Nancy nodded. “I’m glad you reminded me. Watch for a station and we’ll stop.”

Presently Bess sighted one on the main road. “It’s the same place we stopped to eat on our way to the farm,” she said.

“So it is,” George remarked.

“I can phone from here,” Nancy decided.

She turned in at the gravel driveway, but as two other cars were ahead of her, she drew up some distance from the pump.

“How about getting breakfast here after you phone?” Bess suggested.

The girls agreed. Bess and George entered the lunchroom while Nancy went to an outdoor phone booth. She had her father on the wire in a few moments.

“Dad, did you send me a note last night?”

“Why, no.”

Quickly his daughter explained her question. The lawyer said grimly, “It’s plain to see someone wants to harm you in one way or another. Please be very careful.”

Nancy promised and said, “Anyway, I’m glad you’re all right.”

After Nancy hung up, she dialed the phone company to report that the Byrd line was out of order. A few minutes later she joined Bess and George at a table and whispered the result of her conversation with Mr. Drew.

“Oh, Nancy, this means you’re in danger!” Bess said worriedly.

“I thought at least I’d be safe at Red Gate Farm,” Nancy said.

“I wonder,” George muttered.

The girls were the only customers in the restaurant. No one came to wait on them. From an inner room, evidently used as an office, they could hear excited voices.

“Something’s wrong,” Nancy said to her companions.

Just then two men came out of the office in company with the gasoline-station attendant and the woman who served as waitress of the restaurant. The woman was talking excitedly.

“We found the twenty-dollar bill in the cash register at the end of the day. It looked like any other money, and we didn’t suspect anything was wrong until John took the day’s receipts to the bank. And of all things they said the bill was counterfeit and they’d have to turn it over to the Secret Service!”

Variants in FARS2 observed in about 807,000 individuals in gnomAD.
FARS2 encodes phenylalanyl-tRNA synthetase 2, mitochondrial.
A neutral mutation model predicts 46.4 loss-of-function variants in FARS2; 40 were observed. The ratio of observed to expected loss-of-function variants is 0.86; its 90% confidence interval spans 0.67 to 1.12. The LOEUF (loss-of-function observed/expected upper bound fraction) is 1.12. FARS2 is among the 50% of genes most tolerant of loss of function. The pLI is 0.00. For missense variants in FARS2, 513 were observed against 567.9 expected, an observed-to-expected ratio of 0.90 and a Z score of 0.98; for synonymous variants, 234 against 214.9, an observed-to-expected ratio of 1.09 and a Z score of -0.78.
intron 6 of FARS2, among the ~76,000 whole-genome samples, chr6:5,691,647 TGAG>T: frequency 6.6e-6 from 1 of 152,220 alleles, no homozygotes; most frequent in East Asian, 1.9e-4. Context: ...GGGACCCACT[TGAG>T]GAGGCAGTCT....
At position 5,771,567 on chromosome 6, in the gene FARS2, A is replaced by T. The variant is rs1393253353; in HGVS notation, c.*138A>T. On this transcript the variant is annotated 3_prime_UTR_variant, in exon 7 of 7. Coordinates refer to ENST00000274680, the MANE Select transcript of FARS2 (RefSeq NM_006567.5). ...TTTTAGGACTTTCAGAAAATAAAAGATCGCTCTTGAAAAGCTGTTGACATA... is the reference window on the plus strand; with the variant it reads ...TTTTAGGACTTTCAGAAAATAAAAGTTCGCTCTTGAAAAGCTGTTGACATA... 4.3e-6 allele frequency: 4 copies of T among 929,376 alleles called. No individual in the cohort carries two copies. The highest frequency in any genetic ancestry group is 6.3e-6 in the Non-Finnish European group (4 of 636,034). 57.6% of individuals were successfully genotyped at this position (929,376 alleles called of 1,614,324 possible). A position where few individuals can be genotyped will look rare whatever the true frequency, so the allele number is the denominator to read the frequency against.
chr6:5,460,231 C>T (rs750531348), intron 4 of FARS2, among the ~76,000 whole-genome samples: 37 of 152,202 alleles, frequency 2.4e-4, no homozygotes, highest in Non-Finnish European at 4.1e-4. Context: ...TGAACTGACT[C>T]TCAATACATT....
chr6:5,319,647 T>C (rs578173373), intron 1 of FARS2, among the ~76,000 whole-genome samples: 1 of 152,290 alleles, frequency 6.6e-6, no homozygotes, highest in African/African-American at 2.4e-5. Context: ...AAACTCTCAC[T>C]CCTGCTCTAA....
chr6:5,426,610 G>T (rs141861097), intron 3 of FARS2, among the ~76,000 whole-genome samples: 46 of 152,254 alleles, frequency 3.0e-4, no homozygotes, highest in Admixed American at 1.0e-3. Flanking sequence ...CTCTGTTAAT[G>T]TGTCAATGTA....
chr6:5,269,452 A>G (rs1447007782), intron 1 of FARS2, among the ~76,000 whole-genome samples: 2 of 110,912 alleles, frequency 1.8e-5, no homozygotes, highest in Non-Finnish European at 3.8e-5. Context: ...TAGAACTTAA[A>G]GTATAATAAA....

“Yes,” one of the agents spoke up, “we’ve just come from the bank and it’s a counterfeit all right. There’s been a lot of this bad money passed lately. The forgery is very clever.”

“What am I going to do?” the woman cried. “We were cheated out of twenty dollars! It isn’t fair to hard-working people like John and me. Aren’t you Secret Service agents going to do something about it?”

“We’re doing all we can,” one of the men replied. “We don’t have much to go on.”

“It was a girl who gave me the bill,” the woman explained. “There were several of them in the party. I’d recognize— Oh!” she shrieked. “There’s the very girl!” She pointed an accusing finger at Nancy Drew.

Nancy and her friends stared in astonishment. They could not believe what they had just heard.

“Arrest that girl!” the woman screamed. “Don’t let any of them get away—they’re all in on it together!”

“Just a minute,” one of the agents said. “Suppose you explain,” he suggested to Nancy.

The excited woman, however, was not to be calmed. She rushed toward Nancy and shook her fist at the girl. “Don’t deny you gave me that phony bill!” she almost screamed.

“I neither deny nor affirm it,” Nancy said, turning to the agents. “I did give the woman a twenty-dollar bill, but how do you know it was the counterfeit?”

“It was the only twenty we took in that day,” the waitress retorted.

Nancy’s thoughts raced. “I’ll take your word for it,” she said quietly.

Opening her purse she took out another twenty-dollar bill. The woman snatched the money and handed it to one of the Secret Service men. “Is this good?” she asked crisply.

The agent examined the bill. Then he looked at Nancy. “Where did you get this?”

“From my father. He gave me both bills, as a matter of fact. One was for car emergencies.”

Instead of giving the bill to the woman, the man put it into his pocket. “This is serious business, young lady. The bill you just gave me is also counterfeit!”

Nancy was thunderstruck. Bess and George gasped. Before any of them could speak, the lunchroom woman cried out, “She’s one of the gang! Arrest her!”

For the first time the station attendant spoke up. “Take it easy, Liz. These girls don’t exactly look like counterfeiters.”

Liz sniffed. “People don’t usually go around paying for sundaes with twenty-dollar bills!” she said tartly.

“My father gave me the money because I was going on a vacation.”

“A likely story!” the woman sneered.

“It’s the truth!” George spoke up indignantly. “The idea of accusing my friend of passing bad money on purpose! It’s ridiculous!”

“Ridiculous, is it?” the woman retorted angrily. “You’ll sing a different tune when you’re in jail!”

“You can’t have Nancy arrested. She didn’t realize it was counterfeit money!” Bess protested. “George and I have some cash. We’ll pay you twenty good dollars to make up for the bad one.”